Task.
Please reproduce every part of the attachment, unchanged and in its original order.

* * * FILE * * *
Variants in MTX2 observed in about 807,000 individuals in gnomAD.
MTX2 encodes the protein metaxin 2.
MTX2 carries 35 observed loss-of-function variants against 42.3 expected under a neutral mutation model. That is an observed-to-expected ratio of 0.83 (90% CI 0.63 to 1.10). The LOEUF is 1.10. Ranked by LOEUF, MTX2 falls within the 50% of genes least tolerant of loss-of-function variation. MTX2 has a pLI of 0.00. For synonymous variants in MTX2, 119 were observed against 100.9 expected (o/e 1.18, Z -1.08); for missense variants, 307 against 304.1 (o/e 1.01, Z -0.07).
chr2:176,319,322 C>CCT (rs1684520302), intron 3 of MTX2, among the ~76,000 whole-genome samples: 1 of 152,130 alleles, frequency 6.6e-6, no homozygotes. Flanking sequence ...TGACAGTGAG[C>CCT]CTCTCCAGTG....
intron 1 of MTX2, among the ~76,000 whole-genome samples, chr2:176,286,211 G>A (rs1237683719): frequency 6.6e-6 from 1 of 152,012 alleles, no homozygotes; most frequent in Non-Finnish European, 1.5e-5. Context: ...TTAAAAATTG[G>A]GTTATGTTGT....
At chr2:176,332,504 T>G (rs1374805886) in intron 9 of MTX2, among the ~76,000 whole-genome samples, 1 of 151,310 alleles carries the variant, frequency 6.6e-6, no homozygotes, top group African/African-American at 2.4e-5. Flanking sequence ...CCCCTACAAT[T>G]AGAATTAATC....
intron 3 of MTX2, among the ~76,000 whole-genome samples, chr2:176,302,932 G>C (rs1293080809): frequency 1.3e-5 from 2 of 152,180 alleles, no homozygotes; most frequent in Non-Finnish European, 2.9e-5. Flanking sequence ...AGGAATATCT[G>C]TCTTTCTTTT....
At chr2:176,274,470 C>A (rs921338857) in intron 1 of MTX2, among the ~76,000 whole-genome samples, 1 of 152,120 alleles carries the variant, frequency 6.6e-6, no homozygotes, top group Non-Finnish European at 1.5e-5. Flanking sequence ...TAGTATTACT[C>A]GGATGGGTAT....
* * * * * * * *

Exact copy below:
Variants in MTX2 observed in about 807,000 individuals in gnomAD.
MTX2 encodes the protein metaxin 2.
MTX2 carries 35 observed loss-of-function variants against 42.3 expected under a neutral mutation model. That is an observed-to-expected ratio of 0.83 (90% CI 0.63 to 1.10). The LOEUF is 1.10. Ranked by LOEUF, MTX2 falls within the 50% of genes least tolerant of loss-of-function variation. MTX2 has a pLI of 0.00. For synonymous variants in MTX2, 119 were observed against 100.9 expected (o/e 1.18, Z -1.08); for missense variants, 307 against 304.1 (o/e 1.01, Z -0.07).
chr2:176,319,322 C>CCT (rs1684520302), intron 3 of MTX2, among the ~76,000 whole-genome samples: 1 of 152,130 alleles, frequency 6.6e-6, no homozygotes. Flanking sequence ...TGACAGTGAG[C>CCT]CTCTCCAGTG....
intron 1 of MTX2, among the ~76,000 whole-genome samples, chr2:176,286,211 G>A (rs1237683719): frequency 6.6e-6 from 1 of 152,012 alleles, no homozygotes; most frequent in Non-Finnish European, 1.5e-5. Context: ...TTAAAAATTG[G>A]GTTATGTTGT....
At chr2:176,332,504 T>G (rs1374805886) in intron 9 of MTX2, among the ~76,000 whole-genome samples, 1 of 151,310 alleles carries the variant, frequency 6.6e-6, no homozygotes, top group African/African-American at 2.4e-5. Flanking sequence ...CCCCTACAAT[T>G]AGAATTAATC....
intron 3 of MTX2, among the ~76,000 whole-genome samples, chr2:176,302,932 G>C (rs1293080809): frequency 1.3e-5 from 2 of 152,180 alleles, no homozygotes; most frequent in Non-Finnish European, 2.9e-5. Flanking sequence ...AGGAATATCT[G>C]TCTTTCTTTT....
At chr2:176,274,470 C>A (rs921338857) in intron 1 of MTX2, among the ~76,000 whole-genome samples, 1 of 152,120 alleles carries the variant, frequency 6.6e-6, no homozygotes, top group Non-Finnish European at 1.5e-5. Flanking sequence ...TAGTATTACT[C>A]GGATGGGTAT....